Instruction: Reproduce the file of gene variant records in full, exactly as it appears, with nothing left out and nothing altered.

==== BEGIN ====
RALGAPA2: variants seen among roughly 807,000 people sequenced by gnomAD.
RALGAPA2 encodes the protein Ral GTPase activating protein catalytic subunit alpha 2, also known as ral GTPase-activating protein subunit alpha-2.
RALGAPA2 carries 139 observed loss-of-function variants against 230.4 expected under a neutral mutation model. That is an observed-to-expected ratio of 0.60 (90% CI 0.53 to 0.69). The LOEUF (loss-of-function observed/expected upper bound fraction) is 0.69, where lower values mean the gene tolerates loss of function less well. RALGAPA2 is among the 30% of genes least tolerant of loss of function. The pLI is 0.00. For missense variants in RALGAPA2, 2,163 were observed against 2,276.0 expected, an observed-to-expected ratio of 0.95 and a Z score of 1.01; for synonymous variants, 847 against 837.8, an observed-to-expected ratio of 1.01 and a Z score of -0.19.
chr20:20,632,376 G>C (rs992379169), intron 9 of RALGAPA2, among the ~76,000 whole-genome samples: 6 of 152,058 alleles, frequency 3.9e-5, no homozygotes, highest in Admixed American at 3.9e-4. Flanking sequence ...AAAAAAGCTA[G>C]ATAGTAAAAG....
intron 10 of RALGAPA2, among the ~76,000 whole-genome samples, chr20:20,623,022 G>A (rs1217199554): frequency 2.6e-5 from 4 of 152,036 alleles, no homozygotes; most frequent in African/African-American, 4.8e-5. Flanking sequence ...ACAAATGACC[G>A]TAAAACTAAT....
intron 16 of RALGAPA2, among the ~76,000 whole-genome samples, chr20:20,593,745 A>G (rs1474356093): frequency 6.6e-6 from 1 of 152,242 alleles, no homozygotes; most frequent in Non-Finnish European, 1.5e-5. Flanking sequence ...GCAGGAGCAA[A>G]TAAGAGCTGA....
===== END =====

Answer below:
RALGAPA2: variants seen among roughly 807,000 people sequenced by gnomAD.
RALGAPA2 encodes the protein Ral GTPase activating protein catalytic subunit alpha 2, also known as ral GTPase-activating protein subunit alpha-2.
RALGAPA2 carries 139 observed loss-of-function variants against 230.4 expected under a neutral mutation model. That is an observed-to-expected ratio of 0.60 (90% CI 0.53 to 0.69). The LOEUF (loss-of-function observed/expected upper bound fraction) is 0.69, where lower values mean the gene tolerates loss of function less well. RALGAPA2 is among the 30% of genes least tolerant of loss of function. The pLI is 0.00. For missense variants in RALGAPA2, 2,163 were observed against 2,276.0 expected, an observed-to-expected ratio of 0.95 and a Z score of 1.01; for synonymous variants, 847 against 837.8, an observed-to-expected ratio of 1.01 and a Z score of -0.19.
chr20:20,632,376 G>C (rs992379169), intron 9 of RALGAPA2, among the ~76,000 whole-genome samples: 6 of 152,058 alleles, frequency 3.9e-5, no homozygotes, highest in Admixed American at 3.9e-4. Flanking sequence ...AAAAAAGCTA[G>C]ATAGTAAAAG....
intron 10 of RALGAPA2, among the ~76,000 whole-genome samples, chr20:20,623,022 G>A (rs1217199554): frequency 2.6e-5 from 4 of 152,036 alleles, no homozygotes; most frequent in African/African-American, 4.8e-5. Flanking sequence ...ACAAATGACC[G>A]TAAAACTAAT....
intron 16 of RALGAPA2, among the ~76,000 whole-genome samples, chr20:20,593,745 A>G (rs1474356093): frequency 6.6e-6 from 1 of 152,242 alleles, no homozygotes; most frequent in Non-Finnish European, 1.5e-5. Flanking sequence ...GCAGGAGCAA[A>G]TAAGAGCTGA....